Passengers wear face masks to protect against Covid-19 after arriving at Los Angeles airport in California, the US, March 5 2020. Picture: MARK RALSTON / AFP
Passengers wear face masks to protect against Covid-19 after arriving at Los Angeles airport in California, the US, March 5 2020. Picture: MARK RALSTON / AFP

Washington  — The Senate passed a $7.8bn emergency coronavirus spending bill on Thursday, sending it to President Donald Trump, who has called the plan “great news” and is expected to sign it.

The vote was 96-1. The House passed the measure a day earlier on a 415-2 vote.

The bill far exceeds Trump’s original request for $1.25bn in new funds and another $1.25bn from other government social and health programmes. Legislators  said they expect Congress will have to provide more emergency funding before the virus outbreak subsides.

In addition to the $7.8bn in new spending, the bill permits Medicare to spend $500m  on so-called tele-health programmes for the virus, for a total of $8.3bn.

The measure would reimburse state and local governments for the cost of preparing for and fighting the virus. It includes $3.1bn to stockpile medical supplies and $300m  for government purchases of tests, vaccines and therapies to ensure that the poor have access.

Another $1.25bn will be directed to combating the spread of the virus overseas, and a provision unlocks up to $7bn in low-interest loans to small businesses affected by the outbreak.

Legislators spent much of this week negotiating over how to make a coronavirus vaccine affordable for Americans. The bill seeks to ensure that the federal government pays a fair price for vaccines, and it allows the health and human services secretary to regulate the commercial price. Democrats had initially sought a stricter price cap.

Voting against the measure was Kentucky Republican Rand Paul, who had unsuccessfully pushed an amendment that would cut foreign aid to pay some of the bill’s cost. The emergency measure is financed through deficit spending.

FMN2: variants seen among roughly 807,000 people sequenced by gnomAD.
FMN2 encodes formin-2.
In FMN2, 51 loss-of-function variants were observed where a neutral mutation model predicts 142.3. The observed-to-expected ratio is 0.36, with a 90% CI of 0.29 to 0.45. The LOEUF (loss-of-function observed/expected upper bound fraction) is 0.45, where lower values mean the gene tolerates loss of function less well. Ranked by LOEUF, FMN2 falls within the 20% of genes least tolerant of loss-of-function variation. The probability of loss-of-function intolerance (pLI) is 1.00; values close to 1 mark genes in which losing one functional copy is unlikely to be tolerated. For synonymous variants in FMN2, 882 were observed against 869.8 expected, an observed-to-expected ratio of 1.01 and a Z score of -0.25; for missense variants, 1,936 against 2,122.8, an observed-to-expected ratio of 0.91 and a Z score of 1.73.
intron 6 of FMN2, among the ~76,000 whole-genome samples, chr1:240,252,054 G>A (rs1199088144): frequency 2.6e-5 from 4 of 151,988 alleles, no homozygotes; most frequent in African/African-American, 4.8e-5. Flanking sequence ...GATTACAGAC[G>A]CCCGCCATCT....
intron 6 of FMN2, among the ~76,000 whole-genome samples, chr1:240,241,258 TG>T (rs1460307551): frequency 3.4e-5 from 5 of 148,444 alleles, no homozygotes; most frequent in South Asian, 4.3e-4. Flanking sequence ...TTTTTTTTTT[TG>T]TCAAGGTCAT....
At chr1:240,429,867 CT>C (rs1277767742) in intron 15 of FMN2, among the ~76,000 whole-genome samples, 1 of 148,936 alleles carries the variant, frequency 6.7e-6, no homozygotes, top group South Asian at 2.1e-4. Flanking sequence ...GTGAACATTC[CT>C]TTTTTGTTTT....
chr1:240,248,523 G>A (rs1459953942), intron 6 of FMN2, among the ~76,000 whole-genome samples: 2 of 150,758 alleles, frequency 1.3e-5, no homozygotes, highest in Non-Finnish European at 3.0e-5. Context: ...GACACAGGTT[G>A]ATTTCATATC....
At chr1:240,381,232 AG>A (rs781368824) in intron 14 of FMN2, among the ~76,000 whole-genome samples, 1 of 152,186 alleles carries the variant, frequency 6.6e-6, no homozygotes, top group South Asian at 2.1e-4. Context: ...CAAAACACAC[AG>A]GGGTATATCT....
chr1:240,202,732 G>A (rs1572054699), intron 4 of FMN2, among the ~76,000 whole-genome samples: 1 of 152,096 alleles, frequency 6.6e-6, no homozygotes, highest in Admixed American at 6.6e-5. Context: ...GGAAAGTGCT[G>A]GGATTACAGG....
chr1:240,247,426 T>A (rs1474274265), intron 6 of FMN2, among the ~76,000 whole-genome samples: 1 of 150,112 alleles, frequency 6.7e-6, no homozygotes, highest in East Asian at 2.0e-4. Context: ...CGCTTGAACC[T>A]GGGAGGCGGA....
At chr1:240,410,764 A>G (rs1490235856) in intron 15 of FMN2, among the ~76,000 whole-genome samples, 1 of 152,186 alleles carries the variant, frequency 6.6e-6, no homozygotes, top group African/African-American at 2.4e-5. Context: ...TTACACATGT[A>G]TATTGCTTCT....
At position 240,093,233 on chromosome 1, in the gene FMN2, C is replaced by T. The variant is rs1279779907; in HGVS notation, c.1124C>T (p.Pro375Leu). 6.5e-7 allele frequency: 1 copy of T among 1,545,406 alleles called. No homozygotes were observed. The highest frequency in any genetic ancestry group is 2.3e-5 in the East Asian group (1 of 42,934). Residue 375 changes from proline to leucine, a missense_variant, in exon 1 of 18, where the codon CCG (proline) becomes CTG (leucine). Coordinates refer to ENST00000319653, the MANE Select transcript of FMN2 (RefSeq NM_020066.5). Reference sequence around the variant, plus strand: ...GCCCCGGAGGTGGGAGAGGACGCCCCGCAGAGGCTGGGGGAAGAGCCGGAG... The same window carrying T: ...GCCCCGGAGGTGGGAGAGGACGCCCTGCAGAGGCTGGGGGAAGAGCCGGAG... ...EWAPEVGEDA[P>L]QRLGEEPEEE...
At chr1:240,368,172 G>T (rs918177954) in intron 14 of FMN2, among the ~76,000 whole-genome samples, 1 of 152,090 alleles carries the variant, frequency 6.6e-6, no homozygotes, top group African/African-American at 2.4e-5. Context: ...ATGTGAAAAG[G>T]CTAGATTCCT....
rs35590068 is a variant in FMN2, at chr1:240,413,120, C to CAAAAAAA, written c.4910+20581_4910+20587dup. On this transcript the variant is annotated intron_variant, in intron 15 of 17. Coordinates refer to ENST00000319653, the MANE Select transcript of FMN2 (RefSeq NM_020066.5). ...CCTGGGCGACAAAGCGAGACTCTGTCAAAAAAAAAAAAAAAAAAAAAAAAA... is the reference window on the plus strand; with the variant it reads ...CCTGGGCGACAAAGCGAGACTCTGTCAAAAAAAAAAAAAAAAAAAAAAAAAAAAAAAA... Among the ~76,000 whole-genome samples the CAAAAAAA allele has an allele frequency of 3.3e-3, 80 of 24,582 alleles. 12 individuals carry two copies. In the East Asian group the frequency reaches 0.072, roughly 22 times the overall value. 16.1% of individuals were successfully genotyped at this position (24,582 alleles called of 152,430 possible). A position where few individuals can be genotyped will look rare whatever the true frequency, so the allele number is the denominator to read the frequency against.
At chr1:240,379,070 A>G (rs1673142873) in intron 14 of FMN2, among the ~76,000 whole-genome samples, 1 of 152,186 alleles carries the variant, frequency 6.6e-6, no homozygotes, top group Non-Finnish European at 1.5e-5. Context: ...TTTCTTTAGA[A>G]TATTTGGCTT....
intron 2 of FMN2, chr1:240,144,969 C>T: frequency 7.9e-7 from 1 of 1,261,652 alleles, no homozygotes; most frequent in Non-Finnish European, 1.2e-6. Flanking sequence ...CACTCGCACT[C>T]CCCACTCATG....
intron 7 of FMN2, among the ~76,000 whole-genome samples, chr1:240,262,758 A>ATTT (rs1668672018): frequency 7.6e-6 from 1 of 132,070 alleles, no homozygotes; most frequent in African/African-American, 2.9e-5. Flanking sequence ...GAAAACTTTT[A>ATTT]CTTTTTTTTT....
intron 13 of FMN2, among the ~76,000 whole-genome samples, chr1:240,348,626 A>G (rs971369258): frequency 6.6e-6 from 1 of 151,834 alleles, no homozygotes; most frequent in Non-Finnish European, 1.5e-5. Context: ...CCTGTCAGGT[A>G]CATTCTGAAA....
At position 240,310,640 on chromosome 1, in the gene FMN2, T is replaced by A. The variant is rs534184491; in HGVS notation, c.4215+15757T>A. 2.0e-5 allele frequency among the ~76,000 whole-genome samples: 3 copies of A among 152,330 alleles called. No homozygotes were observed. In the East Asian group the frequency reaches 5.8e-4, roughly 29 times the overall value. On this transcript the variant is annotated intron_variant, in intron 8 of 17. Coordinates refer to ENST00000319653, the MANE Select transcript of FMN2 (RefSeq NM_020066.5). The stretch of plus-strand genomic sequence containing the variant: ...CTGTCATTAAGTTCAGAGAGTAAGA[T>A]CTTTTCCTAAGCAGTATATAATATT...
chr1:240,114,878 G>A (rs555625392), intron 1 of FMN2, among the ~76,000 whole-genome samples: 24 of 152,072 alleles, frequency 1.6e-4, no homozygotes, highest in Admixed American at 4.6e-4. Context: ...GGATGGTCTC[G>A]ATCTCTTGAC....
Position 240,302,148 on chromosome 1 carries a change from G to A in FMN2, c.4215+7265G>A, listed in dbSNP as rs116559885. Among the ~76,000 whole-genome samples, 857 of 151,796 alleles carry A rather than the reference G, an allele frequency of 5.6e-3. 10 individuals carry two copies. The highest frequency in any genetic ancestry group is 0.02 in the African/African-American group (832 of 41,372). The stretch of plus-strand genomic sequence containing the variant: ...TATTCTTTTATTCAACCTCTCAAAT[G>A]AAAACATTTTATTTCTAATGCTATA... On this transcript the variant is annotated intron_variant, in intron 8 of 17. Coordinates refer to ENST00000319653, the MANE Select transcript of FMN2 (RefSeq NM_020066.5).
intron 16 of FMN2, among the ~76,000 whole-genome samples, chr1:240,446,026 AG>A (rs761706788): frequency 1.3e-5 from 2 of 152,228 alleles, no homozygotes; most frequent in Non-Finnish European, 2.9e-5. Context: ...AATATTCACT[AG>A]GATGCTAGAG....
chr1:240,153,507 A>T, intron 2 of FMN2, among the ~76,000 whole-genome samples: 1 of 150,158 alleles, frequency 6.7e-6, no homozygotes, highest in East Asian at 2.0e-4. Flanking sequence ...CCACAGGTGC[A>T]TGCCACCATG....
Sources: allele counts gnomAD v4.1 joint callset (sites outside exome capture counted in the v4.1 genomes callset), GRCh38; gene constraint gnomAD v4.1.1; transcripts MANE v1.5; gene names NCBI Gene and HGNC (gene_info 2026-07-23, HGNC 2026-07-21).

The US death toll from  Covid-19 was at 11, officials said on Thursday, with 149 confirmed and presumed US cases, which included those reported by states but not yet confirmed by the agency. 

In other developments: 

• The South African government is not enforcing any immediate restrictions or bans in the wake of the first case of coronavirus being detected in SA. Health minister Zweli Mkhize confirmed on Thursday that the 38-year-old man who tested positive for Covid-19 is a South African citizen. 

• Italy said it would double the amount planned to help contain the affect of the coronavirus outbreak on the economy to €7.5bn.  The announcement marks a dramatic escalation in the government’s response, which has so far included measures such as a nationwide closure of schools and a ban on public events.

• Next week’s session of the European parliament will be moved from Strasbourg to Brussels due to “significantly higher health risks”, Speaker David Sassoli announced on Thursday, as France reported more cases of the new coronavirus. 

• The Paris marathon has been postponed from April 5 to October 18 due to the coronavirus outbreak, organisers said on Thursday. About 423 coronavirus cases have been reported and seven people have died in France, the European country second most affected by coronavirus after Italy.

• The World Health Organisation said  that a number of countries were  not taking all the steps needed to fight against the spread of the coronavirus. A “long list” of countries were  not showing “the level of political commitment” needed to “match the level of the threat we all face”, WHO chief Tedros Adhanom Ghebreyesus said. 

• Russia has cancelled its flagship annual St Petersburg International Economic Forum in 2020  as a precaution against coronavirus, First Deputy Prime Minister Andrei Belousov said on Thursday. The forum, which was due to be held in St Petersburg on June 3-6, is usually chaired by President Vladimir Putin and is seen as one of the main international events on Russia’s economic agenda.

• Britain on Thursday announced its first death from coronavirus within the country, as the total number of confirmed cases jumped to 115. The patient, being treated in the Royal Berkshire Hospital in Reading, west of London, was elderly and had “underlying health conditions”, he said. The patient is believed to have contracted the virus in Britain.

• Twitter CEO  Jack Dorsey said he will reconsider working remotely from Africa in 2020 due to the coronavirus and “everything else going on”.  Dorsey wrote on Twitter late last year that he wanted to spend up to six months on the African continent in 2020.  

Bloomberg, AFP

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